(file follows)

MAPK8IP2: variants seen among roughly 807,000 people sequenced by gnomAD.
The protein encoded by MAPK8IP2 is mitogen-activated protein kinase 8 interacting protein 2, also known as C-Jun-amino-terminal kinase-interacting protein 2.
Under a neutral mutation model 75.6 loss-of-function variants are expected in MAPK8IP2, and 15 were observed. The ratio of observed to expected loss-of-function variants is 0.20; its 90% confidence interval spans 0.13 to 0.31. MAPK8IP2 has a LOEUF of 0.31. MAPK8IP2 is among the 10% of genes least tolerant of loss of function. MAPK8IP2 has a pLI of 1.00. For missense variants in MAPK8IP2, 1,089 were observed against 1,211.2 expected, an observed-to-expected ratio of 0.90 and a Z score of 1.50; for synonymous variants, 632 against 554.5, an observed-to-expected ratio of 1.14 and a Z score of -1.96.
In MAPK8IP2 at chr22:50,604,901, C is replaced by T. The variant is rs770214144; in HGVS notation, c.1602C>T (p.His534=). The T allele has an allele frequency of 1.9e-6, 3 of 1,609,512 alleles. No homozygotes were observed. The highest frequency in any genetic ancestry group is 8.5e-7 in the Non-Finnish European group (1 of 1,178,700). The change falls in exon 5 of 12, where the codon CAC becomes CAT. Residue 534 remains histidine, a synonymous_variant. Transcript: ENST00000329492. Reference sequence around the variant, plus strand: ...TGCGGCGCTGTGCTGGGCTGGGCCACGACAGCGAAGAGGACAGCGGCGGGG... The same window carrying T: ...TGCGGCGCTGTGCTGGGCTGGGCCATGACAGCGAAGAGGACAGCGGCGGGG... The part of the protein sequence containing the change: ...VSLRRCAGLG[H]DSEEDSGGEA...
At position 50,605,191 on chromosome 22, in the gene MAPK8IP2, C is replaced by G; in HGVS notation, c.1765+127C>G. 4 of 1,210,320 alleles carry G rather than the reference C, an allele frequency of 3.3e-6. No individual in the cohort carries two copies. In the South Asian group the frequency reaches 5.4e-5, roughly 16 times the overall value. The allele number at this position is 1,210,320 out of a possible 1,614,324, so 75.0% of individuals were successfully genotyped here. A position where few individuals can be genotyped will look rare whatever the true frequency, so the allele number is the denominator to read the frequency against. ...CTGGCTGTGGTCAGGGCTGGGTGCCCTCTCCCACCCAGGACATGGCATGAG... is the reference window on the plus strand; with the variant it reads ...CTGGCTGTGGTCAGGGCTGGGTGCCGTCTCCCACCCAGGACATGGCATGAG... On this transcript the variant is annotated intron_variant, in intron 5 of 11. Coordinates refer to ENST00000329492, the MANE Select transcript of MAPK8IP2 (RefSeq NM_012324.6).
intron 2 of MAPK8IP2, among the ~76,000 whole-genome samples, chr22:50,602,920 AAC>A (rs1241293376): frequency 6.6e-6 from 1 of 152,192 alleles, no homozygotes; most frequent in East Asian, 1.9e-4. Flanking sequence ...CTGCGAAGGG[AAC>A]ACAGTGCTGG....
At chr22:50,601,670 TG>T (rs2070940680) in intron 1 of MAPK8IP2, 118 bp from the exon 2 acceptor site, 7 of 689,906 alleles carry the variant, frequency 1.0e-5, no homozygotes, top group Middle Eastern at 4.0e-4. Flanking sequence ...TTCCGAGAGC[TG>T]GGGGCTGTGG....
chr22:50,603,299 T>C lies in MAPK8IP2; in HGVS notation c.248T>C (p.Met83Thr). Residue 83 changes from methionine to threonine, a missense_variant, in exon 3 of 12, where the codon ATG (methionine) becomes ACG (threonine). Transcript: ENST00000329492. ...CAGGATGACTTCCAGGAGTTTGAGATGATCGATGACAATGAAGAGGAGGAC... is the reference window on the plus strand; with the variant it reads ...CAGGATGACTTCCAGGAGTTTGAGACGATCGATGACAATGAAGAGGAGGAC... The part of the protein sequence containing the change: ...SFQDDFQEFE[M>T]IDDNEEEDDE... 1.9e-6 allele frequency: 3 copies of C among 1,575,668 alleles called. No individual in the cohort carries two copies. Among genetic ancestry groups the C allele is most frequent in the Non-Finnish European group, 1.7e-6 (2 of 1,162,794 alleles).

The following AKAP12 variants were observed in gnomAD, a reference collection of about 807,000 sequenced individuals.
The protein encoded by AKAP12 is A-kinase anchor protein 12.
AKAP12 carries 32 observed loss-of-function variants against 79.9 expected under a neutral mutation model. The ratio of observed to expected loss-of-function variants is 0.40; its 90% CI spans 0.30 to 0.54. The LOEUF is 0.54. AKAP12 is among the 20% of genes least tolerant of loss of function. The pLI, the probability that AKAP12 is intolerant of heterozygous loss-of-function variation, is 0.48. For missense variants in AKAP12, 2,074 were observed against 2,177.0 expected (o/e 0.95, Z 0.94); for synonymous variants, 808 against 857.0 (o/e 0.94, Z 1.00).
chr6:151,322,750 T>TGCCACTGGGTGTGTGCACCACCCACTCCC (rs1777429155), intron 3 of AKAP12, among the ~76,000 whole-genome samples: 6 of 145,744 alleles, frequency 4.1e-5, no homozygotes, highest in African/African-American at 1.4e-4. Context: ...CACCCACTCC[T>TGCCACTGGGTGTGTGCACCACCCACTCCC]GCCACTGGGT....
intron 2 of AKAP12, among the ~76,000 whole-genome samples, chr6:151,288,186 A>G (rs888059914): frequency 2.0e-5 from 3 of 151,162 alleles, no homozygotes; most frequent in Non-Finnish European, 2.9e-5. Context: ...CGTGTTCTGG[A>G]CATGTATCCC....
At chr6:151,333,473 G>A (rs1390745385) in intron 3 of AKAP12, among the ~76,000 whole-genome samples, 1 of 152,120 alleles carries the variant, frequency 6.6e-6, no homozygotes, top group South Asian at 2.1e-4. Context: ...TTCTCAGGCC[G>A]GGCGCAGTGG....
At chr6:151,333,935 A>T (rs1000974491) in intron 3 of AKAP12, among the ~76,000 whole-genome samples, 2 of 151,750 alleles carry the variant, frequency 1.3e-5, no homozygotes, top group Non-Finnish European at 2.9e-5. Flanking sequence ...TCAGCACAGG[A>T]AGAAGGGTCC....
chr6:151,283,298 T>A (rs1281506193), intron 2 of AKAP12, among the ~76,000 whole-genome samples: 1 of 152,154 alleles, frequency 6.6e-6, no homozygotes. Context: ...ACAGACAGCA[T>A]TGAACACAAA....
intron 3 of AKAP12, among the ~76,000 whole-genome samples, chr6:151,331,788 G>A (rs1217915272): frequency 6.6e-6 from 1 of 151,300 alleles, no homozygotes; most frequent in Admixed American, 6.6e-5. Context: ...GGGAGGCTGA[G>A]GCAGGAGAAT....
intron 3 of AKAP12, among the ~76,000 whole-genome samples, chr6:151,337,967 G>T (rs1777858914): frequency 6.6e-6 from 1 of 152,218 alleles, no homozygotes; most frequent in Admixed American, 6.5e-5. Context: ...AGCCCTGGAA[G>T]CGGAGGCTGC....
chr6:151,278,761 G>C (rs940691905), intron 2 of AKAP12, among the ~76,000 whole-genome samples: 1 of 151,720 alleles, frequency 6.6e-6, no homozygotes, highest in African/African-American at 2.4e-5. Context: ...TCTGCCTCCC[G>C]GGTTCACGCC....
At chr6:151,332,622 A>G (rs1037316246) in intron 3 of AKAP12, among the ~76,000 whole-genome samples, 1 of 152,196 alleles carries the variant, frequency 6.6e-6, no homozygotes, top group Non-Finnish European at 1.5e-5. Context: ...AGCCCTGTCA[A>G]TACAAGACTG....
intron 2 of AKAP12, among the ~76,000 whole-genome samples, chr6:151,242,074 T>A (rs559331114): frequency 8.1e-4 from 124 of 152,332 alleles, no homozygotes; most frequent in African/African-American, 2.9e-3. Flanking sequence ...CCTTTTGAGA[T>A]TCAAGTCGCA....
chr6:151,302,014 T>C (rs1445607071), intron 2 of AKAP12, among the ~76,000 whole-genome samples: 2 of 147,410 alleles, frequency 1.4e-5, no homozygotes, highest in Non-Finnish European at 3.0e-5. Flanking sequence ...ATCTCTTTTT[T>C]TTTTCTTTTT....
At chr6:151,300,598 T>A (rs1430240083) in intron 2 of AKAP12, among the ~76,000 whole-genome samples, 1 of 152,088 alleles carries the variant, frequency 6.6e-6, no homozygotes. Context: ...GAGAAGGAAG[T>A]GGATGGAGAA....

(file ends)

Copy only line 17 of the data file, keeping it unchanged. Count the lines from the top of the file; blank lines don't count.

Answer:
intron 3 of AKAP12, among the ~76,000 whole-genome samples, chr6:151,331,788 G>A (rs1217915272): frequency 6.6e-6 from 1 of 151,300 alleles, no homozygotes; most frequent in Admixed American, 6.6e-5. Context: ...GGGAGGCTGA[G>A]GCAGGAGAAT....